Work serves both God and our neighbour, and rest is of equal value – the world’s oldest health and safety law is the commandment to observe the Sabbath.

The value of work is measured by what it produces, and it must honour and be of service to every person as made in God’s image. Work should enable rather than limit fulfilment; it should not burden God’s creation unduly; and both the life it affords and the conditions under which it is carried out should reflect the value inherent in humanity.

We should have a say in the rhythm and implementation of our work and maintain a good balance of work and family commitments. The Church is actively involved in supporting healthy working environments: many workplaces have chaplains, who are there for everyone and available to discuss any major issues and problems of work and life.


During the recession of the 1990s, the Church was active in addressing the new challenge of a high level of unemployment. Parishes continue to work with local associations of unemployed people to organise meals, clubs, excursions and other activities, and parish workers are available to offer counsel and support. We seek to serve as a partner to, rather than a representative of, the unemployed, assisting them in mobilising and making their voice heard.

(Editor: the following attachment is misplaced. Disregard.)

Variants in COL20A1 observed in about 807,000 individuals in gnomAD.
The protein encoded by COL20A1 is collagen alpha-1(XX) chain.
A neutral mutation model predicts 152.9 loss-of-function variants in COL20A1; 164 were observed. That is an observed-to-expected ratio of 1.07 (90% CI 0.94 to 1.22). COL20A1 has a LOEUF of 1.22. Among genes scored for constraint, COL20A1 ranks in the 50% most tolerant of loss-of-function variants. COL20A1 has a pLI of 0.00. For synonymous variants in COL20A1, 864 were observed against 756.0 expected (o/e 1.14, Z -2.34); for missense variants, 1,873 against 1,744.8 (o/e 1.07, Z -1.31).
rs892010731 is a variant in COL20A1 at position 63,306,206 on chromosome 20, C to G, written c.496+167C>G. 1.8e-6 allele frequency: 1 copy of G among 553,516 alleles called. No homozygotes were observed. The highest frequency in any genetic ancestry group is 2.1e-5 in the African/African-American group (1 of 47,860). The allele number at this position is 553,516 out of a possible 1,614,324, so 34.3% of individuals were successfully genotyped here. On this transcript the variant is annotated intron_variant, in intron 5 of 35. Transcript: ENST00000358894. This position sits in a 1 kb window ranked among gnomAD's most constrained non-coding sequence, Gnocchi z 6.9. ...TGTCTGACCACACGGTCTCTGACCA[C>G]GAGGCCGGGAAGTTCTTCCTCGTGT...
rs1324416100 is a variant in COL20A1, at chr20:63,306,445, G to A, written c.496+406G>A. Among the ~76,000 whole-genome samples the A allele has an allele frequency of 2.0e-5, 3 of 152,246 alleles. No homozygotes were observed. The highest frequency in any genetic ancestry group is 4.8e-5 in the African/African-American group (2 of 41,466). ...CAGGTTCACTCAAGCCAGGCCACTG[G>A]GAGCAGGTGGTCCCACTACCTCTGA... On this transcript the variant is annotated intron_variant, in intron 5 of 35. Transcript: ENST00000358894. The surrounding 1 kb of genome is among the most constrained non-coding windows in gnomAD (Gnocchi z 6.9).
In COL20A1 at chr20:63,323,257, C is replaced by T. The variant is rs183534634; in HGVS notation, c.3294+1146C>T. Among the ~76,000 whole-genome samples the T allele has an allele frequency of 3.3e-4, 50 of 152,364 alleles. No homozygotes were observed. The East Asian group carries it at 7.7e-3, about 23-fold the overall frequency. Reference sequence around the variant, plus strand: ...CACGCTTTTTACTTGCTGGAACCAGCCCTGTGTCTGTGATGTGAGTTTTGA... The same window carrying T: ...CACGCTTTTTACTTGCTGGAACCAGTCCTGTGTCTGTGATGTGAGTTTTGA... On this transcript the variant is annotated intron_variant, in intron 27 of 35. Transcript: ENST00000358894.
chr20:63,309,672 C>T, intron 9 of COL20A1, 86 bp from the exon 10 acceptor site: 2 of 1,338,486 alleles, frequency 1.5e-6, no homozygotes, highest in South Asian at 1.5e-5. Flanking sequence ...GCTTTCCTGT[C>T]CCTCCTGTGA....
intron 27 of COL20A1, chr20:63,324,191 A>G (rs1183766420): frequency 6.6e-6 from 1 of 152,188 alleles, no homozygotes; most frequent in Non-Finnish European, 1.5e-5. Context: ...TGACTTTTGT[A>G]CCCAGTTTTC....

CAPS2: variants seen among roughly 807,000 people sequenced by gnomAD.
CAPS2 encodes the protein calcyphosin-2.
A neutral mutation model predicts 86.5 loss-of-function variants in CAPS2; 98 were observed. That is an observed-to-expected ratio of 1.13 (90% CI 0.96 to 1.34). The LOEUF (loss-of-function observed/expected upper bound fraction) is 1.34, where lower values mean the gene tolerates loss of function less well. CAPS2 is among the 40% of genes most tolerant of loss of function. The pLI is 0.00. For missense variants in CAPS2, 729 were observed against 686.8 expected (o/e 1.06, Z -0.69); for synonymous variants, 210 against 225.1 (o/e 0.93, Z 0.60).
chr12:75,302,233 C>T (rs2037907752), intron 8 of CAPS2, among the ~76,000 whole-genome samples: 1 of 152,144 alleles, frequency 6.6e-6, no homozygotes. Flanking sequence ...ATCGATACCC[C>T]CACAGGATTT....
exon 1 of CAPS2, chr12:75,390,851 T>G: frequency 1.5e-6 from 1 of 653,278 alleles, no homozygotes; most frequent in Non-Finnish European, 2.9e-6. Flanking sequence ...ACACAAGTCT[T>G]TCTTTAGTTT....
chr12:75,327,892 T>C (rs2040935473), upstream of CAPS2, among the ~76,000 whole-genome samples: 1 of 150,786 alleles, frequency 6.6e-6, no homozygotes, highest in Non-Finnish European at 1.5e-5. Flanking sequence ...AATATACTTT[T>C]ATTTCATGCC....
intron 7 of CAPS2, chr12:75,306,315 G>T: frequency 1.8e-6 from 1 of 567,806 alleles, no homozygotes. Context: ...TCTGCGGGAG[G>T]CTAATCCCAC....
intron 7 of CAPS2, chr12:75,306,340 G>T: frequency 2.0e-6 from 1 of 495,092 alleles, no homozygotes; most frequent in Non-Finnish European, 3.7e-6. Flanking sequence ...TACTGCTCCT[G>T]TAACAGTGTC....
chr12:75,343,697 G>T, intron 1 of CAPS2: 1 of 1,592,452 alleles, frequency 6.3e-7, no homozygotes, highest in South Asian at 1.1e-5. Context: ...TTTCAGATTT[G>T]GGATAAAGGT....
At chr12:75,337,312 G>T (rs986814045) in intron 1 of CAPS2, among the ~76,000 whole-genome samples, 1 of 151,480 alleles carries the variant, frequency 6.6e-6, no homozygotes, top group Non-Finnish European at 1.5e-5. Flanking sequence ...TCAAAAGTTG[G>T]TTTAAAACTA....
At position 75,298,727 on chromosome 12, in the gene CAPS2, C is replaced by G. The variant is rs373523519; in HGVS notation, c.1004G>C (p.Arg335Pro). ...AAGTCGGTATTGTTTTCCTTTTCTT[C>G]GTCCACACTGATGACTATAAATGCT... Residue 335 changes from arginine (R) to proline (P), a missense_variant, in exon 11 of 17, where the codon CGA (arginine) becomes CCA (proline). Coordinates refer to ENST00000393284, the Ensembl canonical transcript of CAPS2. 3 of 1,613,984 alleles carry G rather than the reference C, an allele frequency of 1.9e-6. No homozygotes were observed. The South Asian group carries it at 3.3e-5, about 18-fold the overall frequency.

Unemployment is a complex and long-term social problem that requires intensive socio-economic and cultural evaluation. Although neo-liberal orthodoxy suggests that full employment is an unrealistic goal in the age of the global market economy, the Church maintains that it is both reasonable and achievable.

a cemetery worker takes care of a grave
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